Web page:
AUTOMATH(ID:491/aut026)Eindhoven, Netherlands. A very high level language for writing proofs. The first type-theoretical proof system. AUTOMATH genealogy is hard to grasp - it was conceived as an extended project, with some languages as partial goals for that project. AUTOMATH had a subset PAL, for which SEMIPAL was an intentional precursor. That evolved into SEMIPAL 2, without becoming PAL, which emerged separately. AUT-QE and AUT-PI were forms of writing the full AUTOMATH. Related languages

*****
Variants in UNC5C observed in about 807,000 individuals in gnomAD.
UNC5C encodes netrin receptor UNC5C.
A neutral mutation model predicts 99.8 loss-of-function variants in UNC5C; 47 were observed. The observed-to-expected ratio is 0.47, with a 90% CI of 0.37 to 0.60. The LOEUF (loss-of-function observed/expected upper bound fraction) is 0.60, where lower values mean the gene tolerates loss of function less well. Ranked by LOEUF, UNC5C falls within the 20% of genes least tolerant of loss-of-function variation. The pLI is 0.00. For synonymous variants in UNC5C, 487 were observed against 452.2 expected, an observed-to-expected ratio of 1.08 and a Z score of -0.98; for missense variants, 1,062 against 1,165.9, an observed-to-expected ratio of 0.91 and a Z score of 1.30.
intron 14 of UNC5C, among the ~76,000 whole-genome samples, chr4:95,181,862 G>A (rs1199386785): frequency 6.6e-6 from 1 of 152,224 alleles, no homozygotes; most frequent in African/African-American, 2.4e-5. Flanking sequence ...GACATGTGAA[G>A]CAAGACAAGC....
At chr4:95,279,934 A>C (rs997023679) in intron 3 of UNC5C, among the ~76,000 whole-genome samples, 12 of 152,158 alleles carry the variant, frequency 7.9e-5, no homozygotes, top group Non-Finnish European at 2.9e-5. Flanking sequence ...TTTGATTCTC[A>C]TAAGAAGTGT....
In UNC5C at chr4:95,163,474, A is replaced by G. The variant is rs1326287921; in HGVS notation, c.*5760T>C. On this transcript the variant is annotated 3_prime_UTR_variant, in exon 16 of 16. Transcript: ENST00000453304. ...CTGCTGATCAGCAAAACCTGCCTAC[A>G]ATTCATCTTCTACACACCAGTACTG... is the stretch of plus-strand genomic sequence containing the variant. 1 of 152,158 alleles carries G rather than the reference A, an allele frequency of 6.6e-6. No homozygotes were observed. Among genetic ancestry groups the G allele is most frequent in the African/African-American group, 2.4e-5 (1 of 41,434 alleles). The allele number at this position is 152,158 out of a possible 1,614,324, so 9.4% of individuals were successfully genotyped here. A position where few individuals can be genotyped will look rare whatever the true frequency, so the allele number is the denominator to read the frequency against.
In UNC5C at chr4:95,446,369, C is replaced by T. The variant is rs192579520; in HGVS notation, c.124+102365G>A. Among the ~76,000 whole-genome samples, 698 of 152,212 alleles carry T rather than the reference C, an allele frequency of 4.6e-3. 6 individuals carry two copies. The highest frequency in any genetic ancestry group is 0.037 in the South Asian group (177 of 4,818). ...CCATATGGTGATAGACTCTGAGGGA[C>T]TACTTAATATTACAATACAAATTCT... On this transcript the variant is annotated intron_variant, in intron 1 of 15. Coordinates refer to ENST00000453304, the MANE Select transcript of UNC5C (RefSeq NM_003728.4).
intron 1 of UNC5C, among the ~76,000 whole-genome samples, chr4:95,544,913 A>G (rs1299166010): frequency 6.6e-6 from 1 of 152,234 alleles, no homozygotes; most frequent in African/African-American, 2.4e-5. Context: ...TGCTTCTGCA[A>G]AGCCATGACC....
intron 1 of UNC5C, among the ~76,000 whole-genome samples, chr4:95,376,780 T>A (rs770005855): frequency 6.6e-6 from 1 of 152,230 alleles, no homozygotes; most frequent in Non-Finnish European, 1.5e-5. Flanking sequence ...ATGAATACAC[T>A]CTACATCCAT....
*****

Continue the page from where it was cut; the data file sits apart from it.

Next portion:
References: in Symp on Automatic Demonstration, LNM 125, Springer 1970. view details in Symp on Automatic Demonstration, LNM 125, Springer 1970. view details in Symp on Automatic Demonstration, LNM 125, Springer 1970. view details in Symp on Automatic Demonstration, LNM 125, Springer 1970. view details Logic of Programming versus Logic of Mathematics We investigate the logic of programming because it will help us understand the programming process and enable us to be better at it. This "self-improvement" motive is not the typical reason why people study the logic of mathematics; and traditional logic is not always a good role model for programming logic. Why is there this difference, and does it matter? The chief reason for the difference is the computer. Programming is a formal activity unlike the "doing" of most other mathematics. It requires communication with unintelligent machines, which do not understand wonderful mathematical solutions to problems. A solution must be programmed, and this means formalized. Although the solution may be a function and hence similar in its form and precision to solutions in analysis and algebra, its description tends to be rather long by comparison with function descriptions in mathematics--say, a page or two instead of a line or two. More significantly, the exacting requirements of formality and the inherently arbitrary nature of programming formalisms make it very difficult for people to check every detail of these long solutions. In addition, features of programming languages introduced to allow efficient execution of programs complicate explanations of the solution by involving the eccentricities of a specific formalism. Confronted with these difficulties, computer scientists have been seeking logics that will explain programming solutions and permit mechanical help in finding, checking, and changing them. As it becomes more important to know that a program really does what it is claimed to do, that is, meet its specification, more details of the explanation are made explicit and formalized. The limit of this process is a completely formal proof that the program is correct. The program can be seen as the "executable part" of this proof (see [13]). The more formal the explanation of a program, the greater the opportunity to use the computer to check or help generate it. This reflexive use of the computer to check itself is one of the most intriguing and promising areas of research into the problems of "software reliability" and into the nature of the programming process itself. These incentives to produce formal algorithmic proofs seem to be much higher than any incentive to do the same for mathematical arguments with no computational content. Nevertheless, one of the earliest and most significant efforts to actually use formal proofs was in the AUTOMATH project at Eindhoven in the Netherlands under the direction of N. G. deBruijn [14]. The goal of the project was to write formal mathematical proofs and check them by a computer program. DeBruijn imposed, by desire, the standards of extreme exactness that arise, by necessity, in programming. The chief characteristics of AUTOMATH and the programming logics is that they are meant to be used, whereas the formal theories presented in logic textbooks are meant to be studied. This difference is crucial and is the driving force behind AUTOMATH as well as PL/CV [8, 11] and PRL [2, 3]. This characteristic means that the logic must be sufficiently expressive that it naturally captures all the informal arguments in the subject being considered. We claim that the V3 described here enjoys such expressiveness. in Symp on Automatic Demonstration, LNM 125, Springer 1970. view details This paper gives what the authors call a "succinct, yet thorough" presentation of the core of PL/CV3. The core is based on type theory and much of the presentation is concerned with constructing a type hierarchy. The introduction of operators that permit the decomposition of an object into its intentional structure allows for the analy. of the concept of type within the theory, itself. So operators are not present in, e.g., Marin-Lof's intuitionistic type theory, but the introduction of intensionality is reminiscent of Russell's ramified type theory. The last section the paper consists of applications of the theory to constructive logic, the integers, and lists. in Symp on Automatic Demonstration, LNM 125, Springer 1970. view details in Symp on Automatic Demonstration, LNM 125, Springer 1970. view details in Symp on Automatic Demonstration, LNM 125, Springer 1970. view details |